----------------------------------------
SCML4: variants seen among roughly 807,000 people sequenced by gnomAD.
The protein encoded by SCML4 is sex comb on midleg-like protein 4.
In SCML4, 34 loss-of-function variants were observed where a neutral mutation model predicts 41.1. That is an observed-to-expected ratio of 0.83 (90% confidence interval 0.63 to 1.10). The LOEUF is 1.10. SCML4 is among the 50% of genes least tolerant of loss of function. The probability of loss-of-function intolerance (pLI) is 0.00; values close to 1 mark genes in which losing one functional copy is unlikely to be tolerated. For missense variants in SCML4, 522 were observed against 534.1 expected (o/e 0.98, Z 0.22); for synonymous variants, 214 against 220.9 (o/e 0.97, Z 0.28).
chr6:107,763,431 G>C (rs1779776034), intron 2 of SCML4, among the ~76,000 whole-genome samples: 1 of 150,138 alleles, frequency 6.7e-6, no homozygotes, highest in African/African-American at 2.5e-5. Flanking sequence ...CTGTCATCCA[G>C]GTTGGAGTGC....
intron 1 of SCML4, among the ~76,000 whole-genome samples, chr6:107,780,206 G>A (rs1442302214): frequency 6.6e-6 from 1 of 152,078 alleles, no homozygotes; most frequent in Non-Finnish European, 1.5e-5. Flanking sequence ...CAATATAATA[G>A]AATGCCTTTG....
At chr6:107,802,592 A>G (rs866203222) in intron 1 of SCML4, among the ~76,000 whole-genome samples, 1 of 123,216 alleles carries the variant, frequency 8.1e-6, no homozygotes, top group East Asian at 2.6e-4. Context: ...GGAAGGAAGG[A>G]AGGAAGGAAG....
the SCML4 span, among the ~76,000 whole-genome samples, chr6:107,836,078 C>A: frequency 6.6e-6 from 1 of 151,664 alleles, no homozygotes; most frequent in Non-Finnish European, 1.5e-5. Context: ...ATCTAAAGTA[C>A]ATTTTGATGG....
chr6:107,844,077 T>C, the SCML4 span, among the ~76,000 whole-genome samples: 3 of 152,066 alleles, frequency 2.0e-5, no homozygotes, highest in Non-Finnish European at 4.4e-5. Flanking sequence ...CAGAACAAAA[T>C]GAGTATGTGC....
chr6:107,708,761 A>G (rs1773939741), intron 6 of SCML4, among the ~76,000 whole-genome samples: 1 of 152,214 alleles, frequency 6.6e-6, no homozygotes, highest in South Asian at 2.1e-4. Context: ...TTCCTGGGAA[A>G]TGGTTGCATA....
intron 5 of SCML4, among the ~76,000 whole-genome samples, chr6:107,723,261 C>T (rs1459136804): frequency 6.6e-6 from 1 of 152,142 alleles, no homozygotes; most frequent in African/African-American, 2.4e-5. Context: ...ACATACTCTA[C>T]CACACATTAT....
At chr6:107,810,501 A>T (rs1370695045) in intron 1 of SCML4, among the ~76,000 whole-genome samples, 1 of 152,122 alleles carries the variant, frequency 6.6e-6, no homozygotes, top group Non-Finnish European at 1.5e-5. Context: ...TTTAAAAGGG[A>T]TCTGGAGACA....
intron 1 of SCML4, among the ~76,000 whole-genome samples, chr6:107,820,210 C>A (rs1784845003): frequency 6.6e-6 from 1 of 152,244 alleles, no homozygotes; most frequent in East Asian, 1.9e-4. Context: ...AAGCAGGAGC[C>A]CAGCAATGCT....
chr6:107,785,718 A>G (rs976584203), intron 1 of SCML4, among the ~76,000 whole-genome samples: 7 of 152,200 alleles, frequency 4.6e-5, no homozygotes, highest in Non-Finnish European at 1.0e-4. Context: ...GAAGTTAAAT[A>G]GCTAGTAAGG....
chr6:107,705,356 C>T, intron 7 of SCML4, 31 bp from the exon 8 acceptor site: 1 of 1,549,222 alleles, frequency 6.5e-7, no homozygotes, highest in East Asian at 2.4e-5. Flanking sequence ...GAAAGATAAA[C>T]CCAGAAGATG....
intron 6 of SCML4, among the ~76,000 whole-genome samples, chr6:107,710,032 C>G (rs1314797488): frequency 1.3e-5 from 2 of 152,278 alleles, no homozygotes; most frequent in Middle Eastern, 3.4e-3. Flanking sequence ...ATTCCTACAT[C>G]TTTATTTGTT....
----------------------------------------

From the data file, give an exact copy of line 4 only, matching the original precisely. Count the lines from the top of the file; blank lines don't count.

chr6:107,763,431 G>C (rs1779776034), intron 2 of SCML4, among the ~76,000 whole-genome samples: 1 of 150,138 alleles, frequency 6.7e-6, no homozygotes, highest in African/African-American at 2.5e-5. Flanking sequence ...CTGTCATCCA[G>C]GTTGGAGTGC....